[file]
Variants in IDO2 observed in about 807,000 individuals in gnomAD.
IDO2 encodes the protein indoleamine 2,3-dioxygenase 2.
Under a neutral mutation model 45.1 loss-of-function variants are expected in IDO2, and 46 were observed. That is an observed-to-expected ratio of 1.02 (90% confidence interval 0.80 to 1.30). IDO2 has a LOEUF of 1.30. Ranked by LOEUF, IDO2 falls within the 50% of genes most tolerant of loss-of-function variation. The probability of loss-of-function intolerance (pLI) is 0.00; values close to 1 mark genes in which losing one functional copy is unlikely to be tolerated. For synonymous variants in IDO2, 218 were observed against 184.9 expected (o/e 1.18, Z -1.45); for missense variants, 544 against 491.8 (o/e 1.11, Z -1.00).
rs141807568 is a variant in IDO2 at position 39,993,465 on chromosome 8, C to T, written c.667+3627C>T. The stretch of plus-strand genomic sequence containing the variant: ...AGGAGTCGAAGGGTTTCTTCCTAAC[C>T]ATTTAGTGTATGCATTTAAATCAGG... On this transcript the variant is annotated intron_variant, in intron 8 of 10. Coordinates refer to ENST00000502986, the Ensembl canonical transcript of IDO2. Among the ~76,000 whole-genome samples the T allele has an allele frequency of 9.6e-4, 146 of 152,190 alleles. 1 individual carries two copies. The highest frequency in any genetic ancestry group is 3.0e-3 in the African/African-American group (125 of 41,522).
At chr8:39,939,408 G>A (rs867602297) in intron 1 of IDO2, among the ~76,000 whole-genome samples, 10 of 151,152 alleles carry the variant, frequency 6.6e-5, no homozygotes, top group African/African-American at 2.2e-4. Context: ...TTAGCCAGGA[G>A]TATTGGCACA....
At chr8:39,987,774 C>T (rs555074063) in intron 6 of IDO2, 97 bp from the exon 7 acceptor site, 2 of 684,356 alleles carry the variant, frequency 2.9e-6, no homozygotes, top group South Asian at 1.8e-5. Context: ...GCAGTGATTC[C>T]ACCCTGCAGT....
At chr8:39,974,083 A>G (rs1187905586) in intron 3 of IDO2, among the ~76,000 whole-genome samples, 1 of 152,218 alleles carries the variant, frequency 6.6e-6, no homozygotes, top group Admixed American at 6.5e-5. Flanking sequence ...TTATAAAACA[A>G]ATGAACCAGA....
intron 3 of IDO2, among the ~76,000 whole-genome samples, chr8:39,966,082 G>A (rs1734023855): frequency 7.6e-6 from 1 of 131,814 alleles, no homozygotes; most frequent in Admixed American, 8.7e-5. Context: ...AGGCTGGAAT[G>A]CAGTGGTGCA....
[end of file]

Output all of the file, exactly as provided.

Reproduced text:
Variants in IDO2 observed in about 807,000 individuals in gnomAD.
IDO2 encodes the protein indoleamine 2,3-dioxygenase 2.
Under a neutral mutation model 45.1 loss-of-function variants are expected in IDO2, and 46 were observed. That is an observed-to-expected ratio of 1.02 (90% confidence interval 0.80 to 1.30). IDO2 has a LOEUF of 1.30. Ranked by LOEUF, IDO2 falls within the 50% of genes most tolerant of loss-of-function variation. The probability of loss-of-function intolerance (pLI) is 0.00; values close to 1 mark genes in which losing one functional copy is unlikely to be tolerated. For synonymous variants in IDO2, 218 were observed against 184.9 expected (o/e 1.18, Z -1.45); for missense variants, 544 against 491.8 (o/e 1.11, Z -1.00).
rs141807568 is a variant in IDO2 at position 39,993,465 on chromosome 8, C to T, written c.667+3627C>T. The stretch of plus-strand genomic sequence containing the variant: ...AGGAGTCGAAGGGTTTCTTCCTAAC[C>T]ATTTAGTGTATGCATTTAAATCAGG... On this transcript the variant is annotated intron_variant, in intron 8 of 10. Coordinates refer to ENST00000502986, the Ensembl canonical transcript of IDO2. Among the ~76,000 whole-genome samples the T allele has an allele frequency of 9.6e-4, 146 of 152,190 alleles. 1 individual carries two copies. The highest frequency in any genetic ancestry group is 3.0e-3 in the African/African-American group (125 of 41,522).
At chr8:39,939,408 G>A (rs867602297) in intron 1 of IDO2, among the ~76,000 whole-genome samples, 10 of 151,152 alleles carry the variant, frequency 6.6e-5, no homozygotes, top group African/African-American at 2.2e-4. Context: ...TTAGCCAGGA[G>A]TATTGGCACA....
At chr8:39,987,774 C>T (rs555074063) in intron 6 of IDO2, 97 bp from the exon 7 acceptor site, 2 of 684,356 alleles carry the variant, frequency 2.9e-6, no homozygotes, top group South Asian at 1.8e-5. Context: ...GCAGTGATTC[C>T]ACCCTGCAGT....
At chr8:39,974,083 A>G (rs1187905586) in intron 3 of IDO2, among the ~76,000 whole-genome samples, 1 of 152,218 alleles carries the variant, frequency 6.6e-6, no homozygotes, top group Admixed American at 6.5e-5. Flanking sequence ...TTATAAAACA[A>G]ATGAACCAGA....
intron 3 of IDO2, among the ~76,000 whole-genome samples, chr8:39,966,082 G>A (rs1734023855): frequency 7.6e-6 from 1 of 131,814 alleles, no homozygotes; most frequent in Admixed American, 8.7e-5. Context: ...AGGCTGGAAT[G>A]CAGTGGTGCA....